Kids will be kids and getting them to eat their vegetables is a problem in most households. But when your child has a sensory disorder, the challenge of getting him to eat healthy becomes a bit more difficult. Katrina Moody and her husband Jim are the proud parents of three boys. Jim and all the boys, Bobby, age 12, Andy, age 11, and Logan, age 7 have Axenfeld-Rieger Syndrome, a rare genetic disorder that goes hand in hand with a variety of additional diagnoses including autism.

Among the challenges that the Moody family faces each day is that of ensuring the boys eat a healthy diet. Moody says that because the boys struggle a bit to gain weight, she and her husband got into the habit of feeding them based on calorie count rather than nutrition. It became difficult to get on track with getting the kids to each veggies because of the sensory issues that come along with autism. Moody is currently making the transition from hiding veggies in her kids' food to teaching the boys about the importance of a balanced diet.

Start Slow and Build on Successes

"My guys will try a bit of any veggie I put on their plate for the first time, and know now that they have to eat a small amount of any repeat veggies," explains Moody.

Due to the variety of texture preferences around her kitchen table, Moody offers 2-3 choices of veggies each night. This gives the boys the opportunity to try a new vegetable, and if it doesn't go well, there are some favorites available too. For Moody's older two boys, corn is tough. They can't seem to chew it well enough and end up choking on it. They'll eat one kernel at a time, and that's fine with Moody because she knows they are at least trying. And as long as they are trying, Moody considers the meal a success. Her advice is to start with a small amount, tiny even, and get them to eat just a bite. Celebrate the small victories and move forward from there.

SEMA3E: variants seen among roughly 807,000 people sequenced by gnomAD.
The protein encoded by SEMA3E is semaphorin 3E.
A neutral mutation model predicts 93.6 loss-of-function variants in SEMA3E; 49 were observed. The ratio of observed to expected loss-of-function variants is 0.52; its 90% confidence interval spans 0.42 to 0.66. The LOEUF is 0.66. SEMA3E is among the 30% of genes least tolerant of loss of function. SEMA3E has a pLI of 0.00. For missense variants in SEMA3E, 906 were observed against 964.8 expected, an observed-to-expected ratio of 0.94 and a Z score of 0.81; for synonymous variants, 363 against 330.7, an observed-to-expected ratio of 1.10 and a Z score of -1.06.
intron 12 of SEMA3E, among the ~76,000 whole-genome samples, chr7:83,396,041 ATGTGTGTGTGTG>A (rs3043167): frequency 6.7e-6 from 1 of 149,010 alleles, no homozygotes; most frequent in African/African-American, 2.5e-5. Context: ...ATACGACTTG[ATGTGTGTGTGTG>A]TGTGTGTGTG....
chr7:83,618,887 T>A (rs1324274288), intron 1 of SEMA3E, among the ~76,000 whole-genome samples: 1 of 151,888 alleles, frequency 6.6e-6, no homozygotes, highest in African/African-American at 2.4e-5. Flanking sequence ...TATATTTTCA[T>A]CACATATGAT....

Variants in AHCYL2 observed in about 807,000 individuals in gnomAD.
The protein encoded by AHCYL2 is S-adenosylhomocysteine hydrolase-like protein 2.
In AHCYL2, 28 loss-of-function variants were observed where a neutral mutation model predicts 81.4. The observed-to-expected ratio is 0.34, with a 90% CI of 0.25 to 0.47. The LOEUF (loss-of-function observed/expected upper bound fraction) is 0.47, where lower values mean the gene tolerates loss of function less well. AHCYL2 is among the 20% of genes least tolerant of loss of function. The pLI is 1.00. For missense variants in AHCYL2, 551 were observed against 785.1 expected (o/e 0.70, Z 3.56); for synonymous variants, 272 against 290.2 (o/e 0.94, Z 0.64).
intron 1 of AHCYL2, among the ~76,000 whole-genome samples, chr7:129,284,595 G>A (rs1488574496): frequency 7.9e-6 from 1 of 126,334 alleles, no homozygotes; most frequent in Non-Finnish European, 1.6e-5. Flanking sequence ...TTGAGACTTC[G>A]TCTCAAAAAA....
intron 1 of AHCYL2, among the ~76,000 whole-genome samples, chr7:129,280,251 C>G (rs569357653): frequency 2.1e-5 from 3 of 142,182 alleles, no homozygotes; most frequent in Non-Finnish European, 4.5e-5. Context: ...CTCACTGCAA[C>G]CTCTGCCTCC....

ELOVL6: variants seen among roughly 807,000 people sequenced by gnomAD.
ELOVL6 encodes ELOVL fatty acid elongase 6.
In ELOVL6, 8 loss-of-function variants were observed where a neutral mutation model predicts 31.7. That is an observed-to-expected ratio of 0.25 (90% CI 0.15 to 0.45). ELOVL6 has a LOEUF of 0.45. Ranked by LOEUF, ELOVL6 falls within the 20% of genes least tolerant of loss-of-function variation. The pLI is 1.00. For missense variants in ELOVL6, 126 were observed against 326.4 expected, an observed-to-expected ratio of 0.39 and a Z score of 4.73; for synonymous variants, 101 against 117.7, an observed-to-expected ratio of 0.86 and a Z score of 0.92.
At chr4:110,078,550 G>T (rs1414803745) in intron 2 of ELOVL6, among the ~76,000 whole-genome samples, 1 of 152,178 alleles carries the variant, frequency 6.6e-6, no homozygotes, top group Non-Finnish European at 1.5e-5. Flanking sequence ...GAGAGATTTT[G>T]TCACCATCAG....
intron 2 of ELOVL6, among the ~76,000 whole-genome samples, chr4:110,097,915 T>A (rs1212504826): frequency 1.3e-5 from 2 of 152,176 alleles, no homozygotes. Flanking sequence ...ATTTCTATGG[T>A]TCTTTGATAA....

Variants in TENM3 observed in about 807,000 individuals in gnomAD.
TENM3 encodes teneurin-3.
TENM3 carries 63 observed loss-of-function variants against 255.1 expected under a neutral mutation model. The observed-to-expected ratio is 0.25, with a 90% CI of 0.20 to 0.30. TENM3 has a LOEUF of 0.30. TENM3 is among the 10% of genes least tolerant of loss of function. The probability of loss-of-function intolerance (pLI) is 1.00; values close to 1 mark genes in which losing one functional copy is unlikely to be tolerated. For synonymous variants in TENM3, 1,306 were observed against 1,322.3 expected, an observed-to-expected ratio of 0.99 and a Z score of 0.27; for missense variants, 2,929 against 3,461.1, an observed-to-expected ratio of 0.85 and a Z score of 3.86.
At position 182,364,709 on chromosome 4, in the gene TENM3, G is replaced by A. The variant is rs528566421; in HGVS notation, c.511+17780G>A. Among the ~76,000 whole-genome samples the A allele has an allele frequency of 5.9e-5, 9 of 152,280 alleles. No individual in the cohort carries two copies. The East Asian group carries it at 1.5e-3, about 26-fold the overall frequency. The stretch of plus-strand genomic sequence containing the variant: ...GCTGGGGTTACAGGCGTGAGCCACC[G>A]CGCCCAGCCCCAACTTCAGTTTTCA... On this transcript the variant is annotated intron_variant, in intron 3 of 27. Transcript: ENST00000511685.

Set Goals

"We've have goals and sub goals," says Moody. "For instance, right now we are working up to them eating all of any given veggie on their plate, just a few bites worth, even if they don't like it."

Having a plan in your mind of how to approach mealtime will help. If you can move in stages, with set ideas of how much of what you expect your child to eat, he will eventually catch on. While goals are important, Moody says you should still move at your child's pace.

Know Your Kids

Moody knows that her boys love peas and carrots. Raw carrots for Bobby and Andy, but cooked for Logan. And they all agree on the household favorite of potatoes fried in olive oil. Therefore, those are some staples she keeps on hand. But because of the variety of sensory issues, Moody makes sure that the newer choices she puts on the table are both cooked and raw. She feels it is important to understand your child's sensory preferences in order to make the healthy eating process much easier.

"I think it boils down to listening to what your kid isn't telling you, or isn't able to tell you," explains Moody, "Sometimes kids just don't want to eat their veggies, but sometimes there are reasons for it. Your job as the parent is to understand your child enough to try. And then find ways to work around it or offer choices and alternatives. Give your kid a choice in a world where he might not be feeling like he has many choices."

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